Most impressive dessert: Vidalia’s pecan pie, hands down. So. Good. The peach crisp at PS 7’s was also delicious.

Least impressive dessert: Crème brulee at DC Coast. It was tasty, but it wasn’t mind-blowing, and it was a bit heavier than I’d prefer.

Other notable touches: the peach-chardonnay dressing on my frisee salad at Vidalia (I’d buy it by the gallon, it was so good); the perfectly cooked scallops at PS 7’s; and the lovely caprese salad that accompanied my tuna at DC Coast.

Best overall experience: Vidalia, which should come as no particular shock. The food was beautiful and satisfying, the service was attentive but not cloying, and the inclusion of a special, affordable wine list was an excellent extra (of which I definitely took advantage).

There you have it—DC Coast is consistently good (but not spectacular), I’d absolutely go back to PS 7’s (though I’d request a different waiter), and Vidalia is still my favorite restaurant in the city.

Now, back to my regularly scheduled diet…


Recipe: Low-Fat Chocolate Chip Banana Bread

August 1, 2007
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Banana bread

In my weekly produce delivery, I get a lot of bananas. When they are green, I eat them by themselves, on cereal, or with some granola and yogurt. When they are brown, they do not appeal to me at all. Rather than continue to throw them away, I began my search for the perfect banana bread.

My prayers were answered in a recent Slashfood post. The blogger found the original recipe on another blog, and that blogger got it from somewhere else, and so on, and so on. Since I had all of the (relatively few) ingredients handy, I whipped up a batch a few nights ago. The bread was moist, tasty, and an absolute hit with my hungry (and picky) co-workers.

The only hitch? My boyfriend and I are trying to stick to a low-fat, lower-calorie diet, and the bread–while it doesn’t contain any oil or butter–does have a couple of eggs and a lot of sugar. So, I modified a few ingredients and tried again, this time hoping to create a better-for-you baked treat that tastes as good as the original. Thankfully, my second, healthier batch was indistinguishable from the first in both flavor and texture. Victory!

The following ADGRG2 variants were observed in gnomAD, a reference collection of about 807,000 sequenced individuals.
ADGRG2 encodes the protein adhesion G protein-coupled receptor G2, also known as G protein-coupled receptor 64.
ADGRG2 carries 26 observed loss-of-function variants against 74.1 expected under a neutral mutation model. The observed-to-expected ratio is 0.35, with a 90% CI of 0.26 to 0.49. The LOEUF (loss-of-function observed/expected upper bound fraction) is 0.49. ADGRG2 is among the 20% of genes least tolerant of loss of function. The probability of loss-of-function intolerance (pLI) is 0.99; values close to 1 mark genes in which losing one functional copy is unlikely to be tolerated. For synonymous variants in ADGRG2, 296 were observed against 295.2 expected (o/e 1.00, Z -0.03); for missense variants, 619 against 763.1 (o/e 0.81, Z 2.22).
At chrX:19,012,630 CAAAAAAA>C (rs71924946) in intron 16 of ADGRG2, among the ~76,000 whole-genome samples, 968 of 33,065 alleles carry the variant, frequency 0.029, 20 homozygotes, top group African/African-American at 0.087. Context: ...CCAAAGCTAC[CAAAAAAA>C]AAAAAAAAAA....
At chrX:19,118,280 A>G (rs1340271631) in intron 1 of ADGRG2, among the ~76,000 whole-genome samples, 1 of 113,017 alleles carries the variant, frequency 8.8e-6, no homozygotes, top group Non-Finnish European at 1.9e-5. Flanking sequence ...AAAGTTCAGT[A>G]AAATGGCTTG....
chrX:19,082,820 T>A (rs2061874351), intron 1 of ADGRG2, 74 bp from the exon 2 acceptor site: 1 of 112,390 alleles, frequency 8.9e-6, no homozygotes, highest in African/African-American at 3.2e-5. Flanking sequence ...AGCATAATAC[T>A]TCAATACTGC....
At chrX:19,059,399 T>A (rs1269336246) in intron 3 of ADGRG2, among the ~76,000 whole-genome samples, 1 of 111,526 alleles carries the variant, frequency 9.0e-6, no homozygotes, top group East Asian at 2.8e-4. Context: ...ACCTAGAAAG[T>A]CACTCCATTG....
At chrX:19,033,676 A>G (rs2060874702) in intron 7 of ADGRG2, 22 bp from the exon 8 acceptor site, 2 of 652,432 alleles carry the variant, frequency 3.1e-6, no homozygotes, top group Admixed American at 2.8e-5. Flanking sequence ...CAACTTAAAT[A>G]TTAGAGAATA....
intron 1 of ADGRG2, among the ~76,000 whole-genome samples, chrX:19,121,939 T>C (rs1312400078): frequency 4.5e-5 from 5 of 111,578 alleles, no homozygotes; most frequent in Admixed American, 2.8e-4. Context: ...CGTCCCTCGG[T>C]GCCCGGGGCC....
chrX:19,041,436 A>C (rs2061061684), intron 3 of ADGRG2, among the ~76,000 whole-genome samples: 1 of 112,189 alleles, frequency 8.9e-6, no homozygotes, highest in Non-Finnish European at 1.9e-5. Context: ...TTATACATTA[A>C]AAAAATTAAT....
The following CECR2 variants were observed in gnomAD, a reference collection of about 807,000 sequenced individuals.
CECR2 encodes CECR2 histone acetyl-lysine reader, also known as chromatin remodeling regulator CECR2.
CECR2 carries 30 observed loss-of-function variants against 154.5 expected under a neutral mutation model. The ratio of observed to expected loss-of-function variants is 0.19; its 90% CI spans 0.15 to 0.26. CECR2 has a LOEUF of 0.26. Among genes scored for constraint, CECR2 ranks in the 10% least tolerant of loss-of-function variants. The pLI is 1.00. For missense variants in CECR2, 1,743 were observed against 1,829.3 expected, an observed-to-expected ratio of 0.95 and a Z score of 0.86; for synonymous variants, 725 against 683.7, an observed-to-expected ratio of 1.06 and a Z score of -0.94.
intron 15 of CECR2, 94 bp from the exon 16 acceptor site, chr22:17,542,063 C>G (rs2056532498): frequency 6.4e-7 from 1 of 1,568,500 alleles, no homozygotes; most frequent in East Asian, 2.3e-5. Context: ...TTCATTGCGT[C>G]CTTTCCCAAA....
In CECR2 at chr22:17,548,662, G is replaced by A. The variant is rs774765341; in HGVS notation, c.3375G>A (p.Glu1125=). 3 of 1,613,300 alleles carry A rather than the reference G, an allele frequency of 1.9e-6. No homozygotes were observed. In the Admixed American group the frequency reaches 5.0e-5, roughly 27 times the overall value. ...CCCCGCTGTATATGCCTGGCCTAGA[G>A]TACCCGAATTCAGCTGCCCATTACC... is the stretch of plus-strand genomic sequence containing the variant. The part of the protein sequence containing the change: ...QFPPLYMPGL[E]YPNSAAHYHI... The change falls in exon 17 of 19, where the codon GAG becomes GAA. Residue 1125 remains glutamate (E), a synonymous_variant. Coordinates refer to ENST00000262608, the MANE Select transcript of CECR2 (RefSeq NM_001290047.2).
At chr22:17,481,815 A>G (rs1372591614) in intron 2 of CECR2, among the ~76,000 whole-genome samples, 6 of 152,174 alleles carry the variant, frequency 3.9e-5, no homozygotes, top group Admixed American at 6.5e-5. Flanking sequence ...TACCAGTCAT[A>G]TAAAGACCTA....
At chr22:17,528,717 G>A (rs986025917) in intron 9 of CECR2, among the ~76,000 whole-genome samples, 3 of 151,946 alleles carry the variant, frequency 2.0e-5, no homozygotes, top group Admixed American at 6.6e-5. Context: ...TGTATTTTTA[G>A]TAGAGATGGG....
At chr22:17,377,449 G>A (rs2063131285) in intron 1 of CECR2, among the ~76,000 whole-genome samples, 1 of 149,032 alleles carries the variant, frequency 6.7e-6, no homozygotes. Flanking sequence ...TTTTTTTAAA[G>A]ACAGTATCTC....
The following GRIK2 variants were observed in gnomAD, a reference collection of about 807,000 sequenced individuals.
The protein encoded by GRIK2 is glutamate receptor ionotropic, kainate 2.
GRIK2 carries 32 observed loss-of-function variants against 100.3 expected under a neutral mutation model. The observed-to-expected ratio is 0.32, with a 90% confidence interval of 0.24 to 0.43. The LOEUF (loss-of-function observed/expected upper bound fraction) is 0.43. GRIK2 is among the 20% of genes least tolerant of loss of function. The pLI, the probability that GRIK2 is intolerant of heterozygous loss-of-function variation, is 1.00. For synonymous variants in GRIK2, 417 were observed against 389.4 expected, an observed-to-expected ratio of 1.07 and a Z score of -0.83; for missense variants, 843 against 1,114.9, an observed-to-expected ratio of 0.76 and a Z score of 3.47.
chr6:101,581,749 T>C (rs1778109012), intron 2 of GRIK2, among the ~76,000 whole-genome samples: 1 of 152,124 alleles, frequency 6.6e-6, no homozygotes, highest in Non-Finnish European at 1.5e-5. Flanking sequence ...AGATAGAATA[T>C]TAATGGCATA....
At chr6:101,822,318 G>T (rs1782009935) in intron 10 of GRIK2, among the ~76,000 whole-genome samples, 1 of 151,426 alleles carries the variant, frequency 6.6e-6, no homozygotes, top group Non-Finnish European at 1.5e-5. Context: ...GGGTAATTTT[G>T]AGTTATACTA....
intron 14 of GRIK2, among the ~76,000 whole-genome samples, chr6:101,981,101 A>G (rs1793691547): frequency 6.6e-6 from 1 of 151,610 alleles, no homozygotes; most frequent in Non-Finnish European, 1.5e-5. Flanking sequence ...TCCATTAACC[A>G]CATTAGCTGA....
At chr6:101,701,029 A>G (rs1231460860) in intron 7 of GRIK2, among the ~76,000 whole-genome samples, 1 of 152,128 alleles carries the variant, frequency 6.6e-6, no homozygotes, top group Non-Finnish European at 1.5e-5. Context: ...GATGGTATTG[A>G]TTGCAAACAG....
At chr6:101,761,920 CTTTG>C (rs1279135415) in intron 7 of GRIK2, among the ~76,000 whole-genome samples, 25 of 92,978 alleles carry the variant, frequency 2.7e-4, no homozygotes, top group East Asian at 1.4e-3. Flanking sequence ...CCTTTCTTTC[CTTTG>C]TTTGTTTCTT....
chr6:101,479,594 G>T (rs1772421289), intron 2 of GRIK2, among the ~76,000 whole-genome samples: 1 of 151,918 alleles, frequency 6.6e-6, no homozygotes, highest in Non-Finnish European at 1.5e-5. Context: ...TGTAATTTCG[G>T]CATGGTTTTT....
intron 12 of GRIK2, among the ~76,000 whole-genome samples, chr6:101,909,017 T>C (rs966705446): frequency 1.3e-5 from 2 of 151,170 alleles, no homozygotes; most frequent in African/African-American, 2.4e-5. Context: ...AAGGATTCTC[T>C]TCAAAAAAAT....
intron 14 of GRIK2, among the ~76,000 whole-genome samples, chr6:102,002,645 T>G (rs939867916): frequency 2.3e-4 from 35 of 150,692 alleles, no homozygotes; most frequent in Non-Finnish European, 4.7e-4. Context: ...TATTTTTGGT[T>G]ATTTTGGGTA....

Those who are unconcerned with matters of the waistline can certainly click the link above to find the original recipe. For the rest of us, here’s my edited version–enjoy!

Makes about 10-12 large slices. Cooking time: 40 minutes.

  • 3 very ripe bananas
  • 1/2 cup Egg Beaters
  • 1 1/2 cups whole wheat, all-purpose flour
  • 1/2 cup Splenda for baking
  • 1 teaspoon baking soda
  • 2 teaspoons cinnamon
  • 1 teaspoon vanilla extract
  • 1 cup semisweet chocolate chips

Preheat the oven to 375 degrees Fahrenheit. Butter or spray an 8-inch square pan.

In a medium mixing bowl, mash the bananas well with a fork or potato masher. Add the eggs, and stir well to combine. Add the flour, sugar, baking soda, cinnamon, and vanilla, and stir to mix. Add ¾ cup of the chocolate chips, and stir briefly. Pour the batter into the prepared pan and top with the remaining ¼ cup chocolate chips.

Bake for 35-40 minutes, or until a toothpick inserted into the center comes out clean. Let cool in the pan on a wire rack for at least 15 minutes before serving.


Vapiano–not for foodies?

July 26, 2007
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Last weekend, my boyfriend and I ventured to Vapiano, the new “fresh casual” restaurant at 18th and M Streets. A German chain (started, I believe, by a former McDonald’s franchise owner), the restaurant strives to combine hipness and affordability in a way that only those crazy Europeans can.